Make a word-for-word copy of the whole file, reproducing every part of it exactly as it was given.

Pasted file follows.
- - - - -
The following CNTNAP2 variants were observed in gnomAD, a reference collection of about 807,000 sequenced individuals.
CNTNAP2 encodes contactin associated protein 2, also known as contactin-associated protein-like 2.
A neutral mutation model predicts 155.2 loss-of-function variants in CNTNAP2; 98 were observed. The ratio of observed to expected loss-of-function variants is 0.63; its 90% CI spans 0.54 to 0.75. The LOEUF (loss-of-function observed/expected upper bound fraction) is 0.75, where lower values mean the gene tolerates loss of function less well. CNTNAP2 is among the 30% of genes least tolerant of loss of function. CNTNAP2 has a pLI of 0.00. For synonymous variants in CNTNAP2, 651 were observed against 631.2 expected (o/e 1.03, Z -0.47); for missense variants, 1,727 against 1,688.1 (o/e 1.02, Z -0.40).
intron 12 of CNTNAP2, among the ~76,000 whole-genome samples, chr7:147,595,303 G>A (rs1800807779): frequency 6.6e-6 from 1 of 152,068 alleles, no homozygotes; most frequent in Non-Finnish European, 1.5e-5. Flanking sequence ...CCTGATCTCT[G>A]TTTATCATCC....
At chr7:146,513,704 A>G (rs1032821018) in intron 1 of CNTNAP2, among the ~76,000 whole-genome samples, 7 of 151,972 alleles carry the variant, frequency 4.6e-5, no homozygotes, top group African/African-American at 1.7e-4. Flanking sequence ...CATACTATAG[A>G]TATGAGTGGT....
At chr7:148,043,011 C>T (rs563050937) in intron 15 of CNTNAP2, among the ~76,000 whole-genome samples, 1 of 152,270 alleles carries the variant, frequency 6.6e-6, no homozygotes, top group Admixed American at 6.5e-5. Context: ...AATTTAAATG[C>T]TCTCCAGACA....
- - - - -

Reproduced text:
The following CNTNAP2 variants were observed in gnomAD, a reference collection of about 807,000 sequenced individuals.
CNTNAP2 encodes contactin associated protein 2, also known as contactin-associated protein-like 2.
A neutral mutation model predicts 155.2 loss-of-function variants in CNTNAP2; 98 were observed. The ratio of observed to expected loss-of-function variants is 0.63; its 90% CI spans 0.54 to 0.75. The LOEUF (loss-of-function observed/expected upper bound fraction) is 0.75, where lower values mean the gene tolerates loss of function less well. CNTNAP2 is among the 30% of genes least tolerant of loss of function. CNTNAP2 has a pLI of 0.00. For synonymous variants in CNTNAP2, 651 were observed against 631.2 expected (o/e 1.03, Z -0.47); for missense variants, 1,727 against 1,688.1 (o/e 1.02, Z -0.40).
intron 12 of CNTNAP2, among the ~76,000 whole-genome samples, chr7:147,595,303 G>A (rs1800807779): frequency 6.6e-6 from 1 of 152,068 alleles, no homozygotes; most frequent in Non-Finnish European, 1.5e-5. Flanking sequence ...CCTGATCTCT[G>A]TTTATCATCC....
At chr7:146,513,704 A>G (rs1032821018) in intron 1 of CNTNAP2, among the ~76,000 whole-genome samples, 7 of 151,972 alleles carry the variant, frequency 4.6e-5, no homozygotes, top group African/African-American at 1.7e-4. Flanking sequence ...CATACTATAG[A>G]TATGAGTGGT....
At chr7:148,043,011 C>T (rs563050937) in intron 15 of CNTNAP2, among the ~76,000 whole-genome samples, 1 of 152,270 alleles carries the variant, frequency 6.6e-6, no homozygotes, top group Admixed American at 6.5e-5. Context: ...AATTTAAATG[C>T]TCTCCAGACA....